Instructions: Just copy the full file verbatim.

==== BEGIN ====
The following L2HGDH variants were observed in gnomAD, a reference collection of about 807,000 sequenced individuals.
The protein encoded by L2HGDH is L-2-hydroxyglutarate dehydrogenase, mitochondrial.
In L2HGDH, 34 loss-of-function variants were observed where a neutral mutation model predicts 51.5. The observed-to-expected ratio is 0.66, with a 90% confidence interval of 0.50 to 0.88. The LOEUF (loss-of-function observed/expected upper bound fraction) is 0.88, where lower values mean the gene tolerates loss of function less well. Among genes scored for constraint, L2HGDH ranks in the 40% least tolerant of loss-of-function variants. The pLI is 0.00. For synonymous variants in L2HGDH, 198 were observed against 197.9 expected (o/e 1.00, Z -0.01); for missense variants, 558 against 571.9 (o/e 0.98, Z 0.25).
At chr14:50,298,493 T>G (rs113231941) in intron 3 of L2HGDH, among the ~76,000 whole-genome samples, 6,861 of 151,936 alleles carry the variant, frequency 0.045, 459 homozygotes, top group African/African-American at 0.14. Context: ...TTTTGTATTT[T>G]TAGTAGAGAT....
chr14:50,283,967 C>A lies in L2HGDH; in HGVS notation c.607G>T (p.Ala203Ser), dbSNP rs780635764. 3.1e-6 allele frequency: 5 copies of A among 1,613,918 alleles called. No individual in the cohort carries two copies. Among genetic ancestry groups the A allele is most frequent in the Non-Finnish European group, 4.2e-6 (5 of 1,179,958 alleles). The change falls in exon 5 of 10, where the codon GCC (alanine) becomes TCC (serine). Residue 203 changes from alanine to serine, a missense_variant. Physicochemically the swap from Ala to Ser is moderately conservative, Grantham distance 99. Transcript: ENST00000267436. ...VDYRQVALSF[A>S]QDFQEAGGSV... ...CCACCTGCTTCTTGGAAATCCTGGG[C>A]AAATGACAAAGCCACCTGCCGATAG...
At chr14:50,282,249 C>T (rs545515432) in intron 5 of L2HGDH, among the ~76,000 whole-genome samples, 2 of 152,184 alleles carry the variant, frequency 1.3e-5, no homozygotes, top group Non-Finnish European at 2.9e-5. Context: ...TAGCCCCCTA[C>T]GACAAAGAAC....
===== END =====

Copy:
The following L2HGDH variants were observed in gnomAD, a reference collection of about 807,000 sequenced individuals.
The protein encoded by L2HGDH is L-2-hydroxyglutarate dehydrogenase, mitochondrial.
In L2HGDH, 34 loss-of-function variants were observed where a neutral mutation model predicts 51.5. The observed-to-expected ratio is 0.66, with a 90% confidence interval of 0.50 to 0.88. The LOEUF (loss-of-function observed/expected upper bound fraction) is 0.88, where lower values mean the gene tolerates loss of function less well. Among genes scored for constraint, L2HGDH ranks in the 40% least tolerant of loss-of-function variants. The pLI is 0.00. For synonymous variants in L2HGDH, 198 were observed against 197.9 expected (o/e 1.00, Z -0.01); for missense variants, 558 against 571.9 (o/e 0.98, Z 0.25).
At chr14:50,298,493 T>G (rs113231941) in intron 3 of L2HGDH, among the ~76,000 whole-genome samples, 6,861 of 151,936 alleles carry the variant, frequency 0.045, 459 homozygotes, top group African/African-American at 0.14. Context: ...TTTTGTATTT[T>G]TAGTAGAGAT....
chr14:50,283,967 C>A lies in L2HGDH; in HGVS notation c.607G>T (p.Ala203Ser), dbSNP rs780635764. 3.1e-6 allele frequency: 5 copies of A among 1,613,918 alleles called. No individual in the cohort carries two copies. Among genetic ancestry groups the A allele is most frequent in the Non-Finnish European group, 4.2e-6 (5 of 1,179,958 alleles). The change falls in exon 5 of 10, where the codon GCC (alanine) becomes TCC (serine). Residue 203 changes from alanine to serine, a missense_variant. Physicochemically the swap from Ala to Ser is moderately conservative, Grantham distance 99. Transcript: ENST00000267436. ...VDYRQVALSF[A>S]QDFQEAGGSV... ...CCACCTGCTTCTTGGAAATCCTGGG[C>A]AAATGACAAAGCCACCTGCCGATAG...
At chr14:50,282,249 C>T (rs545515432) in intron 5 of L2HGDH, among the ~76,000 whole-genome samples, 2 of 152,184 alleles carry the variant, frequency 1.3e-5, no homozygotes, top group Non-Finnish European at 2.9e-5. Context: ...TAGCCCCCTA[C>T]GACAAAGAAC....